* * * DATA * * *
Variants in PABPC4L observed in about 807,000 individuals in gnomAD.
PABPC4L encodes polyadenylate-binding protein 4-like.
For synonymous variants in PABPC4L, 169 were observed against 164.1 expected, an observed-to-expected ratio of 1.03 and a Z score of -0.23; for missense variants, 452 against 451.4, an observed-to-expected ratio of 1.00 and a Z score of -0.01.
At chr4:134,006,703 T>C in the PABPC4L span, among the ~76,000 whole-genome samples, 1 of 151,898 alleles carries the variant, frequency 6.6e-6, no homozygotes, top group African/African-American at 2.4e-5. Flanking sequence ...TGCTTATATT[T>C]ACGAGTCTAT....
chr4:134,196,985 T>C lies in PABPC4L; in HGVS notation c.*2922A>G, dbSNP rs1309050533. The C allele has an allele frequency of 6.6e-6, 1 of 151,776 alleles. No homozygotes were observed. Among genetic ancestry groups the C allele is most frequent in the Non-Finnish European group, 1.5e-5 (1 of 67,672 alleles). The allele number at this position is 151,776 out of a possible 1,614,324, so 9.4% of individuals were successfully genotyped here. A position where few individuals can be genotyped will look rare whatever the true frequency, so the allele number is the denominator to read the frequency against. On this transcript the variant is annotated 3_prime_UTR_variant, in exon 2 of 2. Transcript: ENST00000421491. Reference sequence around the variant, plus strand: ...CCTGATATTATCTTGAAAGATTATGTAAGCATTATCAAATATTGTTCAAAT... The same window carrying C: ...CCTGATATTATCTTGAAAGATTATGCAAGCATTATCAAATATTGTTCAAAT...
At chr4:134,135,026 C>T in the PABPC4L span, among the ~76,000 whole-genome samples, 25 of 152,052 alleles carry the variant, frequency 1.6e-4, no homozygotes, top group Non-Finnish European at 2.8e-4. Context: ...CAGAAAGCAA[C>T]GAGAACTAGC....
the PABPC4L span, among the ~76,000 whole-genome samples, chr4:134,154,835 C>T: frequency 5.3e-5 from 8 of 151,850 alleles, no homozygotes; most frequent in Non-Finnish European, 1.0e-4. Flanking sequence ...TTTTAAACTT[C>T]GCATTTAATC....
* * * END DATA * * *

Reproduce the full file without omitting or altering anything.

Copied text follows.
Variants in PABPC4L observed in about 807,000 individuals in gnomAD.
PABPC4L encodes polyadenylate-binding protein 4-like.
For synonymous variants in PABPC4L, 169 were observed against 164.1 expected, an observed-to-expected ratio of 1.03 and a Z score of -0.23; for missense variants, 452 against 451.4, an observed-to-expected ratio of 1.00 and a Z score of -0.01.
At chr4:134,006,703 T>C in the PABPC4L span, among the ~76,000 whole-genome samples, 1 of 151,898 alleles carries the variant, frequency 6.6e-6, no homozygotes, top group African/African-American at 2.4e-5. Flanking sequence ...TGCTTATATT[T>C]ACGAGTCTAT....
chr4:134,196,985 T>C lies in PABPC4L; in HGVS notation c.*2922A>G, dbSNP rs1309050533. The C allele has an allele frequency of 6.6e-6, 1 of 151,776 alleles. No homozygotes were observed. Among genetic ancestry groups the C allele is most frequent in the Non-Finnish European group, 1.5e-5 (1 of 67,672 alleles). The allele number at this position is 151,776 out of a possible 1,614,324, so 9.4% of individuals were successfully genotyped here. A position where few individuals can be genotyped will look rare whatever the true frequency, so the allele number is the denominator to read the frequency against. On this transcript the variant is annotated 3_prime_UTR_variant, in exon 2 of 2. Transcript: ENST00000421491. Reference sequence around the variant, plus strand: ...CCTGATATTATCTTGAAAGATTATGTAAGCATTATCAAATATTGTTCAAAT... The same window carrying C: ...CCTGATATTATCTTGAAAGATTATGCAAGCATTATCAAATATTGTTCAAAT...
At chr4:134,135,026 C>T in the PABPC4L span, among the ~76,000 whole-genome samples, 25 of 152,052 alleles carry the variant, frequency 1.6e-4, no homozygotes, top group Non-Finnish European at 2.8e-4. Context: ...CAGAAAGCAA[C>T]GAGAACTAGC....
the PABPC4L span, among the ~76,000 whole-genome samples, chr4:134,154,835 C>T: frequency 5.3e-5 from 8 of 151,850 alleles, no homozygotes; most frequent in Non-Finnish European, 1.0e-4. Flanking sequence ...TTTTAAACTT[C>T]GCATTTAATC....